One less negative to living in this small southern town.

Living in this wonderful relatively small town certainly has very powerful advantages and disadvantages.  Some we are clearly aware of almost on a daily basis, and others we may not be.  Linda and I could live almost anywhere at this point in our life.  We love to travel, but we really love living right here.  I'll be talking about the many reasons we are so happy living right where we are in future blogs.  But for now, I'm going to move into an area that I typically have a short fuse for;  negativity, the problems with living in a small town.

I've got to get back to work in a minute, so I'll just touch on the ones that come to mind:

1)  diversity.  To me, this is probably the biggest negative.  Diversity of, well everything.  Cultures, ideas, vantage points, food, colors, accents, design, architecture, music, art, entertainment.  Well, with awareness and inexpensive flights these days, this too can be compensated for.  Really appreciating and savoring the few diverse exchanges that do arise right here.  I recently had this conversation with a customer from Santa Cruz, who didn't seem to believe that they had possibly any more true diversity than we might.  Maybe more cultures, etc, but there didn't seem to be much of a mix.  (I'm guessing she's wrong, but really hard to say).

Ok, looking like most of the rest of my negatives of living in a small town seem to relate to #1.

Food.  Almost everything food related - we are short on;Decent grocery stores.  Decent restaurants.  Cooking stores.  Cooking classes.

2)  Lets start with restaurants.  Often I come to the conclusion that my Buddhist friends are right in many ways.  If you look deep enough, maybe there is no wrong or bad.  Very few good restaurants in the area has made Linda a great cook.  And, it's certainly inspired us, when we travel, to get off the beaten path, to plan each meal that we can, and enjoy (and hopefully learn from) each wonderful smell, taste and every morsel.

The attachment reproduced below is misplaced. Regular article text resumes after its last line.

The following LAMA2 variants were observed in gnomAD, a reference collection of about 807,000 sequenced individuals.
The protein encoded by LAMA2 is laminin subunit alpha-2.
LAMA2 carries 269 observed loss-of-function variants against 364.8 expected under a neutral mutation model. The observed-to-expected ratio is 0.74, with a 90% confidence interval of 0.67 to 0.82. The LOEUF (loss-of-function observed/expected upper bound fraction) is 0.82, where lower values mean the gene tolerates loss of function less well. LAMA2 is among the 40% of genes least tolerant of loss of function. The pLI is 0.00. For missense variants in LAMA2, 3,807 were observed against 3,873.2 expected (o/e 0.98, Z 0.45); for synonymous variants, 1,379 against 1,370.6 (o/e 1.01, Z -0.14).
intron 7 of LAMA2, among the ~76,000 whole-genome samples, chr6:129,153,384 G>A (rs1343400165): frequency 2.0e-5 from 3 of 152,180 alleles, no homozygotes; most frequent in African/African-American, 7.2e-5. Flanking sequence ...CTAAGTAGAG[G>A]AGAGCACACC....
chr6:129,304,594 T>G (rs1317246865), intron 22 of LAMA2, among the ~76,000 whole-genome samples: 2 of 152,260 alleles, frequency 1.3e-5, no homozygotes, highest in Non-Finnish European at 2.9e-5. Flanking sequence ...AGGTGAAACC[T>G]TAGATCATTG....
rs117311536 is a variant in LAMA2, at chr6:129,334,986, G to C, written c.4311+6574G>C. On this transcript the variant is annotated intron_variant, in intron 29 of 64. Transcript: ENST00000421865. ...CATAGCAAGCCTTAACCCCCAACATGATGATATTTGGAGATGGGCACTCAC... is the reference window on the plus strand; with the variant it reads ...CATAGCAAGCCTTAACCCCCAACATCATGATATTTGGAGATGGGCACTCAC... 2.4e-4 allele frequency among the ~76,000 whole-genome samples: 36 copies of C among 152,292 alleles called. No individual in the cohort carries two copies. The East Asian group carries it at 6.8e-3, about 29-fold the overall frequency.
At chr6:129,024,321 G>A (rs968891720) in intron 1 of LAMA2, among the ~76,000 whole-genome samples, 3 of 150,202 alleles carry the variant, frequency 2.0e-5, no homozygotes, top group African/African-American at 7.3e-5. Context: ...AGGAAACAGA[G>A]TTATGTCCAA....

3)  Decent grocery stores.  It has seemed absolutely ridiculous that we have never had a good grocery store in this city of almost 40,000 and combined population of 100,000 of the quad cities.  A few years ago Aldi arrived, just in time for many of us.  Although many here don't like Aldi, don't want to loan the a quarter for the cart, don't want to bring there own green bag in or pay a nickel for a bag, and say they don't like the off brands.  But many of us have come to cherish Aldi.  Really good produce, and cheap!  But it's not gorgeous, lined up, and shined like a Trader Joe's or Whole Foods, or Fresh Market, Super Target, or our recent favorite Earth Fare.  But none of these compare (to me) to the local farmer's markets - with really local produce - ah - looking forward to Spring.

Ok, now for the reason for this blog post.  Linda was almost in tears this morning when she brought in the paper.  The front page of the local paper - 55,000 square foot Publix to be built on the Books-A-Million site (another big favorite of ours).  Ok, the city commission will not ether confirm or deny this, but we are already counting on it. 

This is big.  Just not having a good grocery store has sent many friends of ours packing.  Ok, let me think, what will be our first purchases when they open:

1)  an olive and artichoke mix from the olive bar

2)  bread (oh, did I say that we don't even have a bakery here!).  Fresh french baguette, heavy crusty whole grain bread, Real sour dough.  Except for corn bread, the southern versions of breads generally don't compare.

3)  Sushi to go.  Although I'm sure I will generally continue to get my sushi from our absolute fav, the Rice Box in North Florence.

4)  Gourmet Deli.  Ok, it's 9:40 and I've worked myself up into a big hunger.  Back to our Buddhist friend's thoughts.  Perhaps this Publix isn't such a good idea.  Maybe Publix and a gym membership will be the trick.  Maybe I should like the city council "confirm or deny" this before I get too excited.

Robin Wade